Financial Planner questions rationale behind FSA’s decision to monitor care fees advice

IFA Questions Rationale Behind FSA's Decision to Monitor Care Fees Advice

IFA Questions Rationale Behind FSA’s Decision to Monitor Care Fees Advice

Ashley Clark, the director of Need An has questioned the FSA’s motive behind closely monitoring care fees advice and termed it as “a diversion tactic”.

Clark blamed the FSA for not doing its home-work properly and said it appears to have made a knee-jerk reaction on care fees advice after the Dilnot Commission report was published this week.

“We will be active in supervising the development of new products, especially in light of previous problems with pre-funded long-term care insurance”, wrote Margaret Cole, managing director of FSA, to Dilnot’s Commission on Funding of Care and Support, before the report was even published.

There are less than a dozen care fees products available in the market including a couple of pre-funded plans, Clark claimed adding that a handful of enhanced equity release products are due to be launched soon.

“The main focus of social care advice is not product related but to help worried families pre-retirement as well as in latter life stages by having an understanding of the benefits system, maximising secure income, planning for care fees inflation and explaining the risks on asset protection and asset deprivation”, Clark said.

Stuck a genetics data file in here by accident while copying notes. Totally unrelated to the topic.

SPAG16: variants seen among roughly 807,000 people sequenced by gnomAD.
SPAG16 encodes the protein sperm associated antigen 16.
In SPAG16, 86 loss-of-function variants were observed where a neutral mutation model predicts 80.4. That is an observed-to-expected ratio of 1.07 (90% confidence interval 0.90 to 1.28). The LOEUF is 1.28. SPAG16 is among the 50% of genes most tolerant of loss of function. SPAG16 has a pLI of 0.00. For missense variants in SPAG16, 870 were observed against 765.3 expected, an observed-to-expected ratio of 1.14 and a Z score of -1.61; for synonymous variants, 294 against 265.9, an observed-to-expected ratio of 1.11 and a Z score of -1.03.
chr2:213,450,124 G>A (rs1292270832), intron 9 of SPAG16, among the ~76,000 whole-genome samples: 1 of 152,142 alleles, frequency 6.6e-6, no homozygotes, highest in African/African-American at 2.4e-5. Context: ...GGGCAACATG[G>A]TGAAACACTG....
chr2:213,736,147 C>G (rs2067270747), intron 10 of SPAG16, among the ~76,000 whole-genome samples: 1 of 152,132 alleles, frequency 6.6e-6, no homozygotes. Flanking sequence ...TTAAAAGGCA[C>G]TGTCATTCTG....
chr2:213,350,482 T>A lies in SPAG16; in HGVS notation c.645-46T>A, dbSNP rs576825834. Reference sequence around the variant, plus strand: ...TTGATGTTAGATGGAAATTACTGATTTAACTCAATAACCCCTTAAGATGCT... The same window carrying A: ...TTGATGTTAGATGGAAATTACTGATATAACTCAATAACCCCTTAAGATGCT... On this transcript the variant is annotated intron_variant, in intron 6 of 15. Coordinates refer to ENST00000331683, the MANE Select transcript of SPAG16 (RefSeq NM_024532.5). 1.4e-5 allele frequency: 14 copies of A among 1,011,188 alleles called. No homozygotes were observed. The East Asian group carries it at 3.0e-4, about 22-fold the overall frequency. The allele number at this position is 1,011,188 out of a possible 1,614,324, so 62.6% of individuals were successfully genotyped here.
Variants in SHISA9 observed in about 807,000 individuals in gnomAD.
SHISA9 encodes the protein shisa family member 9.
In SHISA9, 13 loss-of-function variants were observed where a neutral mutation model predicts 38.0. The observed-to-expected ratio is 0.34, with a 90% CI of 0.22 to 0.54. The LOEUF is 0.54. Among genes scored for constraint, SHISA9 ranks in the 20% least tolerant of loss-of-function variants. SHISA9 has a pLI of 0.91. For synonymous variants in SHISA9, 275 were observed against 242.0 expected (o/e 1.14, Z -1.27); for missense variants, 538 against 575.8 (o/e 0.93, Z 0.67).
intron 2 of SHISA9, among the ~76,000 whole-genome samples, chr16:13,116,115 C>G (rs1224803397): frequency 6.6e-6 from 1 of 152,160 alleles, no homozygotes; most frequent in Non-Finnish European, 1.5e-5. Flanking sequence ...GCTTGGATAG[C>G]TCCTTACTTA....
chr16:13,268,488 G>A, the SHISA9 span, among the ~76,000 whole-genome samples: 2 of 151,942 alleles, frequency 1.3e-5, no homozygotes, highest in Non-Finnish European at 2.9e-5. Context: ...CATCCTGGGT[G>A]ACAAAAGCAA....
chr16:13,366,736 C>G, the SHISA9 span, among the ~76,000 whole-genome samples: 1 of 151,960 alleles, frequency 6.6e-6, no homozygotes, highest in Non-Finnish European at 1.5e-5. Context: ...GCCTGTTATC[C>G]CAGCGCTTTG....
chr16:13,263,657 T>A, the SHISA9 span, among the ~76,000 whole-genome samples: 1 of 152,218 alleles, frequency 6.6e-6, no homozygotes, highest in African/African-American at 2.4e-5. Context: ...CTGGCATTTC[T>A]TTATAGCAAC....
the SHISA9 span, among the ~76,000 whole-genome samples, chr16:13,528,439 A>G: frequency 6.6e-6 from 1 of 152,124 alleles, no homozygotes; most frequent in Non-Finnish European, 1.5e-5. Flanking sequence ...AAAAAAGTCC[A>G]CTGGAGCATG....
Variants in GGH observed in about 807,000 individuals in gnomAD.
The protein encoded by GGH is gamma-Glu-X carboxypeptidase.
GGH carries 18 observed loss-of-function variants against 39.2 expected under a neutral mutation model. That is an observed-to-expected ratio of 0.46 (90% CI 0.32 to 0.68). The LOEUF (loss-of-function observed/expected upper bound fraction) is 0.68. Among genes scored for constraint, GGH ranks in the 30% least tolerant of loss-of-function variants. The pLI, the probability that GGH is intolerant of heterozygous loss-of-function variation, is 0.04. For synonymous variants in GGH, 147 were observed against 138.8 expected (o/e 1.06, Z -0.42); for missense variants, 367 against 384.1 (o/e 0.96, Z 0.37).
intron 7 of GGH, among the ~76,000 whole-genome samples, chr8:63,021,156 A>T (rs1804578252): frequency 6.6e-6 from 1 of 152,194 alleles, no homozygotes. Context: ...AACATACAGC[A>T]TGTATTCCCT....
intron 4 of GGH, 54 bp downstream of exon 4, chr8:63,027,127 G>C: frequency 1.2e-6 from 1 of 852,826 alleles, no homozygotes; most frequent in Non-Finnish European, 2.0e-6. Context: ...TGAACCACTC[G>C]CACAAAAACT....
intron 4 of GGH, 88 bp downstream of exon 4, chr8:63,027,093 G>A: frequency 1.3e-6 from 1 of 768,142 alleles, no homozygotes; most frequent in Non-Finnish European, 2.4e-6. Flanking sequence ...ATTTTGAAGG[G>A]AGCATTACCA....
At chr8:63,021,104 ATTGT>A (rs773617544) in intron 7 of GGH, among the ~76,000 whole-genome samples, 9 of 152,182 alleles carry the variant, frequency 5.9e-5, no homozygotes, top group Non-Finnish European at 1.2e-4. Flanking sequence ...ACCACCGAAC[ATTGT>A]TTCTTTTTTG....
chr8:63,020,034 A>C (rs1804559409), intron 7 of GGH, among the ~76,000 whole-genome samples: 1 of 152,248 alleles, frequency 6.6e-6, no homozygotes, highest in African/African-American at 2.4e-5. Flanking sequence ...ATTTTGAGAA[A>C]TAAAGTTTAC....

Castigating the FSA for trying to hide its failure, Clark said the FSA’s suggestion of closely monitoring care fees products, when the core financial elements were already part of both financial planning examinations and long term care, was a ‘red herring’ diversion tactic by the regulator.

“It is banks selling 10 per cent commission investment bonds like the one I saw last week or advisers moving clients into high charged, commission loaded pensions or other high risk investments that impact dramatically on future capital and income availability for client care”, he argued.

“The FSA should spend supervision resources on high impact firms for pre-retirement and savings advice sectors and not niche advisory sectors. The damage is already done by the care planning stage if constant miss-selling scandals from high impact firms continue”, he observed.

“Public trust of the financial services sector has not improved under the FSA’s tenure and I suggest the FSA is either deliberately avoiding the issue of banking advice standards or is genuinely clueless and is using care advice post Dilnot as yet another headline grabbing displacement activity”, lamented the Chartered Financial Planner.

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